(95% CI)

<100 pg/ml

0.96

(0.89 to 0.99)

0.56

(0.49 to 0.63)

0.44

(0.36 to 0.52)

0.98

(0.93 to 1.00)

≥100 pg/ml

0.96

(0.89 to 0.99)

0.56

(0.49 to 0.63)

0.43

(0.36 to 0.51)

0.98

(0.93 to 1.00)

<fifth centile

0.96

(0.89 to 0.99)

0.55

(0.48 to 0.61)

0.43

(0.36 to 0.51)

0.98

(0.93 to 1.00)

<12 pg/ml

0.63

(0.51 to 0.74)

0.90

(0.85 to 0.94)

0.70

(0.57 to 0.80)

0.87

(0.82 to 0.91)

Abbreviations: CI, confidence interval; NPV, negative predictive value; PPV, positive predictive value; pg/ml, picograms per millilitre.

4.12 Results from the PELICAN study (2013) also show that for the cut‑off values for the fifth centile of PlGF for gestational age and 12 picograms/ml, the Triage PlGF test had poor diagnostic accuracy for predicting pre‑eclampsia needing delivery within 14 days in women presenting with suspected pre‑eclampsia between 35 weeks and 36 weeks plus 6 days of gestation (see table 6).

Table 6 PELICAN study results – Triage PlGF test accuracy for predicting pre‑eclampsia needing delivery within 14 days for women presenting between 35 weeks and 36 weeks plus 6 days of gestation

Test cut‑off

Sensitivity

(95% CI)

Specificity

(95% CI)

PPV

(95% CI)

NPV

(95% CI)

<fifth centile

0.70

(0.58 to 0.81)

0.64

(0.52 to 0.75)

0.65

(0.53 to 0.76)

0.69

(0.57 to 0.80)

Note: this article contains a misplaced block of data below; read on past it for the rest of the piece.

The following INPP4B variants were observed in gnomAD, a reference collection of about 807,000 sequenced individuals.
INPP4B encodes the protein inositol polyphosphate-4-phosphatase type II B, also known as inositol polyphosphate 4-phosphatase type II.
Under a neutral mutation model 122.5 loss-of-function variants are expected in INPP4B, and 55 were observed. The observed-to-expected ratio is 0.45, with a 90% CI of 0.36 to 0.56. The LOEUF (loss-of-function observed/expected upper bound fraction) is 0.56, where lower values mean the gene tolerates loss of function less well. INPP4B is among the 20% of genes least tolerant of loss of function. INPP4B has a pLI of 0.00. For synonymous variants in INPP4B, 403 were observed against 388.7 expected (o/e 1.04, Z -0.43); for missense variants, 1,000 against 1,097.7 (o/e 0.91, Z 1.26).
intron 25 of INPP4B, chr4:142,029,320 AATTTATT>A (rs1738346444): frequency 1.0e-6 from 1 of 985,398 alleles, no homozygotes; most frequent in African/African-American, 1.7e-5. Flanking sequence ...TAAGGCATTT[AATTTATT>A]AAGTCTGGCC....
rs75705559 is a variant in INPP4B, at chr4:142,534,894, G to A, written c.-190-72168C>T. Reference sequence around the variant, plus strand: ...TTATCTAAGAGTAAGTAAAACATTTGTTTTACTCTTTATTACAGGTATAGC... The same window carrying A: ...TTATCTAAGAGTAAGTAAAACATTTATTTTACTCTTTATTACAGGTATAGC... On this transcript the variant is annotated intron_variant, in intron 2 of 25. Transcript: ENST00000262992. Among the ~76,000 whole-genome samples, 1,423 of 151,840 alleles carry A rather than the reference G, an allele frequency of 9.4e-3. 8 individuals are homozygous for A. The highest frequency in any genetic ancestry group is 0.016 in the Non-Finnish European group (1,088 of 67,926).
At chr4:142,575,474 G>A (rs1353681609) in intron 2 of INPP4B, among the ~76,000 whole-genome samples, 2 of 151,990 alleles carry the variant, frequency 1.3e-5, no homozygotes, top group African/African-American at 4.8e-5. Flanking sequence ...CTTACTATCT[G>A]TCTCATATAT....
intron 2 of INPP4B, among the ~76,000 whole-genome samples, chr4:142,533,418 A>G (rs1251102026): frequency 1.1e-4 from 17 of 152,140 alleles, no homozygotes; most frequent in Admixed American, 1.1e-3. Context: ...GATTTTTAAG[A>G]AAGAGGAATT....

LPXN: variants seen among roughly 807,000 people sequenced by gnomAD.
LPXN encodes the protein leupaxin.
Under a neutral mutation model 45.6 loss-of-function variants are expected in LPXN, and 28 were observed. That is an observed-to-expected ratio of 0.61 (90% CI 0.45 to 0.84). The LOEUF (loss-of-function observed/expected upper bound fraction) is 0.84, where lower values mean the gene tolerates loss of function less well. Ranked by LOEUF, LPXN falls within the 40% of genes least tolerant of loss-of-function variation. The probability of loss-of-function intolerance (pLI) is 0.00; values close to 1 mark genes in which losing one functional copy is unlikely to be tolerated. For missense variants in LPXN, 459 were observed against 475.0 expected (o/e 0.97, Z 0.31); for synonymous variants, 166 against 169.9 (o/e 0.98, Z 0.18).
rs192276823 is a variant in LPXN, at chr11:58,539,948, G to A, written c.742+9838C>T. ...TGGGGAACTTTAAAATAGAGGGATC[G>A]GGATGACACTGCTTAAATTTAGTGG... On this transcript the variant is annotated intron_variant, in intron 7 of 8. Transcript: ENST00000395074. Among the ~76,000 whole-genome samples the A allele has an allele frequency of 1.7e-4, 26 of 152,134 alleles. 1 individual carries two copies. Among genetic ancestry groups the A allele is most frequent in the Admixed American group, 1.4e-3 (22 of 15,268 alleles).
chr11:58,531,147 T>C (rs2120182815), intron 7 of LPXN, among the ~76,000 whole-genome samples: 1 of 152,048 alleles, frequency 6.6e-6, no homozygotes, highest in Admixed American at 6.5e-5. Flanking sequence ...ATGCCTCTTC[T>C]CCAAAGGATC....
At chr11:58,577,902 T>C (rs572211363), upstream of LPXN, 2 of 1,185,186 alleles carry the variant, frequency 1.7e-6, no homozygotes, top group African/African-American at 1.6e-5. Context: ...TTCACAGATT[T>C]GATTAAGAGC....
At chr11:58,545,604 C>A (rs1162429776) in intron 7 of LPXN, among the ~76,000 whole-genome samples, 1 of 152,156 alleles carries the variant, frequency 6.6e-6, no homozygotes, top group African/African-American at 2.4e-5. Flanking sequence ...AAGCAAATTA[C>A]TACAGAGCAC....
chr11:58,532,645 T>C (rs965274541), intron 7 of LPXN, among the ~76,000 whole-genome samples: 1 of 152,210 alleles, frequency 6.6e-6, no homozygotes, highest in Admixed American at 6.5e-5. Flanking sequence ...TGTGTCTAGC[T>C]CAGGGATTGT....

<12 pg/ml

0.22

(0.13 to 0.34)

0.91

(0.82 to 0.97)

0.71

(0.48 to 0.89)

0.55

(0.46 to 0.64)

Abbreviations: CI, confidence interval; NPV, negative predictive value; PPV, positive predictive value; pg/ml, picograms per millilitre.

4.13 The PELICAN study (2013) also reported that the Triage PlGF test at a cut‑off value of 100 picograms/ml had high sensitivity for predicting preterm pre‑eclampsia and delivery within 14 days of testing independent of the pre‑eclampsia diagnosis. A cut‑off value of 12 picograms/ml had poor sensitivity but good specificity for predicting preterm delivery independent of the pre‑eclampsia diagnosis (see table 7).

Table 7 PELICAN study results – Triage PlGF test accuracy for other outcomes for women presenting between 20 weeks and 34 weeks plus 6 days of gestation

Test cut‑off

Sensitivity

(95% CI)

Specificity

(95% CI)

PPV

(95% CI)

NPV

(95% CI)

Preterm pre‑eclampsia

<100 pg/ml

0.90

(0.83 to 0.95)

0.65

(0.58 to 0.73)

0.65

(0.57 to 0.72)

0.90

(0.83 to 0.95)

Delivery within 14 days of testing

≥100 pg/ml

0.94

(0.87 to 0.98)

0.57

(0.50 to 0.64)

0.47

(0.39 to 0.55)

0.96

(0.91 to 0.99)

Preterm delivery

<12 pg/ml

0.44

(0.36 to 0.52)

0.97

(0.93 to 0.99)

0.94

(0.86 to 0.98)

0.62

(0.55 to 0.68)

Abbreviations: CI, confidence interval; NPV, negative predictive value; PPV, positive predictive value; pg/ml, picograms per millilitre.

Diagnostic-accuracy results for the Elecsys immunoassay sFlt‑1/PlGF ratio

4.14 The PROGNOSIS study (2016) derived a cut‑off value of 38; values below 38 were considered negative and were used to rule‑out pre‑eclampsia within 1 week; values above 38 were considered positive and used to rule‑in pre‑eclampsia within 4 weeks. Results from the combined cohort show that for women with suspected pre‑eclampsia between 24 weeks and 36 weeks and 6 days of gestation, sensitivity and specificity for ruling out pre‑eclampsia within 1 week was relatively high. Sensitivity for ruling in pre‑eclampsia within 4 weeks was lower than for ruling out pre‑eclampsia within 1 week, but specificity was relatively high (see table 8).